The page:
And that’s it! The cookbook recommends serving this with chopped fresh cilantro, sliced green onions, crumbled queso fresco, sour cream and lime wedges. We just ate it straight-up on brown rice. And it was scrumptious. I made it again a few days later, because I only used half the beans I’d cooked up and half the tomatillos, and the second time we topped ours with grated cheddar cheese. That was also scrumptious. Really, though, how can you go wrong with all the stuff that goes in this? I’m looking forward to making this time and again, and trying different beans to see how they work out. So the first recipe of my New Recipe Challenge turns out to be a keeper! WOO HOO!

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7 Comments

Filed under Hearty Meals

7 responses to “The New Recipe Challenge: Rancho Gordo White Turkey Chili

  1. Sounds (and looks) yummy!

    For many years I’ve made a couple of recipes over and over, that call for pinto beans (beans and cornbread being my favorite). I always use dried beans and I always soak them overnight, but I also always rinse them off before I cook them. I thought I didn’t want their soaking-water. Hm. I might have to re-think that.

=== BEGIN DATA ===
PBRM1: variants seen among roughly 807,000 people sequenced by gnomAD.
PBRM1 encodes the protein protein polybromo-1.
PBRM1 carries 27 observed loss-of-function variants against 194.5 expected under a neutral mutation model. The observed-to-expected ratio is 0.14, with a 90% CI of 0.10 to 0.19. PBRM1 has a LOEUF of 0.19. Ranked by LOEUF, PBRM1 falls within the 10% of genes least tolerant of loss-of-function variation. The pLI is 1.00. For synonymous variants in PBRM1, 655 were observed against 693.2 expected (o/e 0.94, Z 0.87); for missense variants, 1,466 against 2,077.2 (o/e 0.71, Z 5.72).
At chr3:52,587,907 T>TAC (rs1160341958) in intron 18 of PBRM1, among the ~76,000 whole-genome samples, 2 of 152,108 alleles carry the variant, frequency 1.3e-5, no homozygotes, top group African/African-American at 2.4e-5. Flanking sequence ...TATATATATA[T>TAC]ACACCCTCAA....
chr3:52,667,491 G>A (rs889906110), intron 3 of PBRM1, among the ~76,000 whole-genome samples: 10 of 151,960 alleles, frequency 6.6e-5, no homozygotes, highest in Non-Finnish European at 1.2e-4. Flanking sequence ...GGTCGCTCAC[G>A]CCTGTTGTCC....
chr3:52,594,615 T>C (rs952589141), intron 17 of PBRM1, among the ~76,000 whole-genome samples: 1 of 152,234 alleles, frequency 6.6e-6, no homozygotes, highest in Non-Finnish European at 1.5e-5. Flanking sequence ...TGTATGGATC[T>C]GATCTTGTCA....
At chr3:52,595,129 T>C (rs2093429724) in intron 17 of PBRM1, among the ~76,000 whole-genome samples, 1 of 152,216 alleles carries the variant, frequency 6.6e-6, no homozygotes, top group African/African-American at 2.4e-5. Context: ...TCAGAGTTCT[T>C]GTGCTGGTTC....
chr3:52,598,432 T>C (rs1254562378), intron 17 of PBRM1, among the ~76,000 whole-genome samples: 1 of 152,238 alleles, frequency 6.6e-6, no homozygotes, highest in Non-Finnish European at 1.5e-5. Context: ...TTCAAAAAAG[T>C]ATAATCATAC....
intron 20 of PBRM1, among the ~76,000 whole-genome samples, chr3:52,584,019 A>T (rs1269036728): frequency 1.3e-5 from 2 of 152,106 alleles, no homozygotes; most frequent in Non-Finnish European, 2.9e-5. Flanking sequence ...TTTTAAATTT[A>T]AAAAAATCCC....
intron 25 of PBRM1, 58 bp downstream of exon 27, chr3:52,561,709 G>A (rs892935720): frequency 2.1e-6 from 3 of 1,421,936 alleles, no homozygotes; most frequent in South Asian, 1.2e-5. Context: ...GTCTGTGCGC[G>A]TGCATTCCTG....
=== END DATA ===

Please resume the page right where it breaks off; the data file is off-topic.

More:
2. The Rancho Gordo literature says that you lose all those nutrients and flavor and stuff when you dump the soaking water. I’d heard that using the soaking water makes the beans gassier in the eating, but that’s apparently an old wives tale. So go ahead and keep that soaking water! Keep it, and drink deeply of it! :P

    (And let me know more about these beans and cornbread. That sounds MARVELOUS!)

  3. hg

    Of course, somewhere in the course of the last year, I’ve become the kind of person who looks at this recipe and, instead of just trying it once as written, is all, “I have all kinds of little modifications I’m going to make!”

    “Little modifications”… my ass! I remember way back when you were scared of WINGING IT!

  4. I was scared! But thanks to you, I’m not anymore! I’m an it-winger now!!!

  5. Sarah

    I love have you often you say “and that’s it!” or “easy as pie!”. You know I’m not afraid of cooking, but honestly that’s a whole lot of steps up there for chili. Though it looks really delicious and I’d be more than happy to eat it. I love it that it has tomatillos in it. I think we’ll have to grow our own next summer because I like it for salsa.

  6. The thing about this one is that it does seem like a lot of steps, but they’re all, like, itty-bitty baby steps. It obviously surprised me, when I looked back at making it, that it really was so simple! (We grew tomatillos in our first garden, and they were lovely plants! I can’t wait to see yours this summer!)